Saturday, March 9, 2002

And the romance goes on...

IT’S not difficult to figure out the connection between the heart and Valentine’s Day. The heart, after all, was thought in ancient times to be the source of all emotions. Which explains expressions like ‘the heart of the matter’ and ‘heart of the city’. Etymology tells us nothing much about the relationship between the heart and the emotions. We do know that the word comes from the Old English heorte, related to the Dutch hart and German herz and derived from the Latin corda and Greek kardia. Where the last two roots come from and what they mean is pure speculation. There is a theory that heart is related to the Sanskrit hrdya, meaning chest or heart, again just a speculation. Later, the heart came to be associated only with the emotion of love. It’s not clear when the valentine heart shape became the symbol for the heart, as we all know that it doesn’t look like that! It is speculated that the heart symbol as it is used today, to signify romance or love, came from early attempts by people to draw an organ they’d never seen. A peep into some of the other valentine symbols and their origins is an interesting exercise, worth the effort.

Less etymology, more romance
February 16, 2002
Random tales"
February 2, 2002
History and meaning
January 19, 2002
Psychiatry and Greek
January 5, 2002
Classic loans
December 22, 2001
Elected words
December 8, 2001
The Italian connection
November 24, 2001
Words in writing
November 10, 2001
October 27, 2001
The pickings of war
October 13, 2001
American English
September 29, 2001
September 15, 2001
Foreigners, come to stay
September 1, 2001

Red roses were said to be the favourite flowers of Venus, the Roman goddess of love; also, red is a color that signifies strong feelings. Lace has long been used to make women’s handkerchiefs. If a woman was interested in a man, she would intentionally drop her handkerchief to encourage him. So, people began to think of romance when they thought of lace. Love knots have series of winding and interlacing loops with no beginning and no end. A symbol of everlasting love, love knots are made from ribbon or drawn on paper. Lovebirds, colorful birds found in Africa, are so named because they sit together in pairs — like sweethearts do! Doves are symbols of loyalty and love, because they mate for life and share the care of their babies.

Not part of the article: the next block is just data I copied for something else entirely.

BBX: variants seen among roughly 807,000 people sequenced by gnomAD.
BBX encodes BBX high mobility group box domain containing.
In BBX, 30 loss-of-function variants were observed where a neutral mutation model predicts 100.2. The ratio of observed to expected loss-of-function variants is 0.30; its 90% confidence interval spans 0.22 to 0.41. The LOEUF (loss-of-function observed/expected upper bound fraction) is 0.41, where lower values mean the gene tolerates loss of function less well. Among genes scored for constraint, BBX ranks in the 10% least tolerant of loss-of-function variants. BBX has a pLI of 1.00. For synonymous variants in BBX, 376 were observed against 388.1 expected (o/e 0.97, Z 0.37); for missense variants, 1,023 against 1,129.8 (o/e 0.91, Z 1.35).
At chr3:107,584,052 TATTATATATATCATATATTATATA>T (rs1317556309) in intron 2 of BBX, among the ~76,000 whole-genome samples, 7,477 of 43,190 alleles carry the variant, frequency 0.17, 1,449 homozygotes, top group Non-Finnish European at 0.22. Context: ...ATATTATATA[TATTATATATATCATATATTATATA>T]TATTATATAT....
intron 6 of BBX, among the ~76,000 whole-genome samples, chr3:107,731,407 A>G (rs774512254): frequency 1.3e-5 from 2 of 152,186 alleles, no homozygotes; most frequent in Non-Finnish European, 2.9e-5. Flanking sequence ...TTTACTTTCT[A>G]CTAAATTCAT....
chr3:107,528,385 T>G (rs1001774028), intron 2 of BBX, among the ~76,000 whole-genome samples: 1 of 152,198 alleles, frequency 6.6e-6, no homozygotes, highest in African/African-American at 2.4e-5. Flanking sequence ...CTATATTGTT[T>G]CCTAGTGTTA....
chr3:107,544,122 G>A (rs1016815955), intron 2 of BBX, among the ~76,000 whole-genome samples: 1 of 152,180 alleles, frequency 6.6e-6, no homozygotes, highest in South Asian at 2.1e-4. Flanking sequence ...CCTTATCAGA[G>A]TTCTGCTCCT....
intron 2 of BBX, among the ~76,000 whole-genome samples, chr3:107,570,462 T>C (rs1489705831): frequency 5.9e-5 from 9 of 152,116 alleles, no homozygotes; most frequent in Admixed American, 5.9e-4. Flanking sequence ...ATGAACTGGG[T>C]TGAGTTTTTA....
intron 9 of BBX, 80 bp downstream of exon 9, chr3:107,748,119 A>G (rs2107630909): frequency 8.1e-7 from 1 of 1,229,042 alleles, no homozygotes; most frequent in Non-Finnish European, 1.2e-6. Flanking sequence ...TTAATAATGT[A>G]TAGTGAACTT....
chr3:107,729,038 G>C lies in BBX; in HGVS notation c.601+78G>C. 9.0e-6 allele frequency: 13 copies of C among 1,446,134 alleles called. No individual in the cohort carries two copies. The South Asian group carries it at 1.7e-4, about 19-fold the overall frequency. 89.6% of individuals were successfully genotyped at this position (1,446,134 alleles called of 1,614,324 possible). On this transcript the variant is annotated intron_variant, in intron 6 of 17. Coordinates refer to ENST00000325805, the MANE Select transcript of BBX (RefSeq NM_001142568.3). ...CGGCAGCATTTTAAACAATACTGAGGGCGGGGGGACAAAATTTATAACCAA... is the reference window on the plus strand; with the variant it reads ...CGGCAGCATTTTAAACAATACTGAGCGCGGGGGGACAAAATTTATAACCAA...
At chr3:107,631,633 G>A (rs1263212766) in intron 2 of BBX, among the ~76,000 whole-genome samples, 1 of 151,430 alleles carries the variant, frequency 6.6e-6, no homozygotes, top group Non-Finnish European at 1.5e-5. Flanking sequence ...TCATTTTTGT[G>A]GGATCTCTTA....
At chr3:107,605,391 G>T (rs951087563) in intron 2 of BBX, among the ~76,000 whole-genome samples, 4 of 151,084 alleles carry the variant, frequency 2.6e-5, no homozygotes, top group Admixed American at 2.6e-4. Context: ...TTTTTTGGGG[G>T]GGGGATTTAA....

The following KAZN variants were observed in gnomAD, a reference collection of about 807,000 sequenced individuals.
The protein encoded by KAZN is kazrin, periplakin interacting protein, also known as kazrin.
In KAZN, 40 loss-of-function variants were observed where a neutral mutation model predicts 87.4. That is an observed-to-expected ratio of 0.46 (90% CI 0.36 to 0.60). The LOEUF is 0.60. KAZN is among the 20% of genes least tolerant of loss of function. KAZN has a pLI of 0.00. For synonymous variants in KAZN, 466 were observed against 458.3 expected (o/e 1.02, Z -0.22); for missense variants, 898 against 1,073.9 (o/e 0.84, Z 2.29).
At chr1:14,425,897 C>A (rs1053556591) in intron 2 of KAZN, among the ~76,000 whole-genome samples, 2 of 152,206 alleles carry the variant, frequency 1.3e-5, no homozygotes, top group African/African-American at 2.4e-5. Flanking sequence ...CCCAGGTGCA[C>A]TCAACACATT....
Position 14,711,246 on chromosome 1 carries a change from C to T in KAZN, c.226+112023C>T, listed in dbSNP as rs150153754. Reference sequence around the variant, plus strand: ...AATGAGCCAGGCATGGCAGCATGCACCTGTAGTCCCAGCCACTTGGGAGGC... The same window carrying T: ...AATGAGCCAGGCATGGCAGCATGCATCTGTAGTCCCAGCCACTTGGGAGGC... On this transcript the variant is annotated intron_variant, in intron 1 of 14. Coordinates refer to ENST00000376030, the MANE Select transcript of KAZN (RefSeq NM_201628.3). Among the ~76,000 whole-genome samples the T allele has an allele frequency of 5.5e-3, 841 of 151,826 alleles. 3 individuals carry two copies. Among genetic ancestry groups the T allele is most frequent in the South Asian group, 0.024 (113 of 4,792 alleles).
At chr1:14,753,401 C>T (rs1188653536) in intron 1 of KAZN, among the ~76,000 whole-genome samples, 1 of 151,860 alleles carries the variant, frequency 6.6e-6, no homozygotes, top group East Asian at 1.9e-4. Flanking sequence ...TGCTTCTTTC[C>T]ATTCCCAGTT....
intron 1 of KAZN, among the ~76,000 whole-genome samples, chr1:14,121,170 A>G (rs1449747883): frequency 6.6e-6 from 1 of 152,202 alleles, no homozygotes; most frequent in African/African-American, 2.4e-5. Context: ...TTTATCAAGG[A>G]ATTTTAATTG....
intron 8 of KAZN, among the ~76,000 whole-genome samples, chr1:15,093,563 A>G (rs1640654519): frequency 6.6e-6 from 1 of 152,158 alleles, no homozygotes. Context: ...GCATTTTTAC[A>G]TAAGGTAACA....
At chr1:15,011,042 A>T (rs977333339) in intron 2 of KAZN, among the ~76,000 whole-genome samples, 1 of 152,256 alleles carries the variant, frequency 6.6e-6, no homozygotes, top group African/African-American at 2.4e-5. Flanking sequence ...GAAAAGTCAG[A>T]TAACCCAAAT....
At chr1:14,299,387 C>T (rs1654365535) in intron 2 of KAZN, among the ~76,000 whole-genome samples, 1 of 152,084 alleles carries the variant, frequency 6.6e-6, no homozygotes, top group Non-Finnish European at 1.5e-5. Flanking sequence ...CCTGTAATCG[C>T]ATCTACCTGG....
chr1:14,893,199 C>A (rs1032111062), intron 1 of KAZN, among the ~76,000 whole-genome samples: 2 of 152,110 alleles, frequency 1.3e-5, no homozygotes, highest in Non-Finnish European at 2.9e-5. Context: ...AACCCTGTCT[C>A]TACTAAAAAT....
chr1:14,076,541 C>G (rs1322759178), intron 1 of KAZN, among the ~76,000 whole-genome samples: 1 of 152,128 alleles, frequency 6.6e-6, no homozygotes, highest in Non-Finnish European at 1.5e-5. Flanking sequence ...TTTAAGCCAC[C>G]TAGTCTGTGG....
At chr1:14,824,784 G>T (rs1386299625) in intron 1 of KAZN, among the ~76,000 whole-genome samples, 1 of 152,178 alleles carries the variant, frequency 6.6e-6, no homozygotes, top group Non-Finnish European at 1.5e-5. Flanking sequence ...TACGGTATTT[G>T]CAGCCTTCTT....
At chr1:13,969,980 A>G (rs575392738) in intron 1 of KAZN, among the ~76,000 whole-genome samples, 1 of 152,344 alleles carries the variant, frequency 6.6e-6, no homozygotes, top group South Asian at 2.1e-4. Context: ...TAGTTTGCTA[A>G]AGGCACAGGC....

The use of the "X" sign to represent a kiss has an intriguing history. This tradition started with the medieval practice of allowing those who could not write to sign documents with an "X". This was done before witnesses, and the signee placed a kiss upon the "X" to show sincerity. This is how kiss came to be synonymous with the letter "X", and how the "X" came to be commonly used at the end of letters as kiss symbols — leading to ‘sealed with a kiss’. It is believed by some that "X" was chosen as a variation on the cross symbol. Or, it might have been a pledge in the name of Christ, since the "X" or Chi symbol is the second letter of the Greek alphabet and has been used by the church to represent Christ.



Four words in Hindi are used synonymously for heart: dil, hrdaya, man and ji. A peep into their origins reveals that in Sanskrit, their language of origin, dil is the pulsating organ made of flesh and blood, hrdaya is the abstract heart, man is the mind and ji , related to jiva, is the life or soul.

This feature was published on March 2, 2002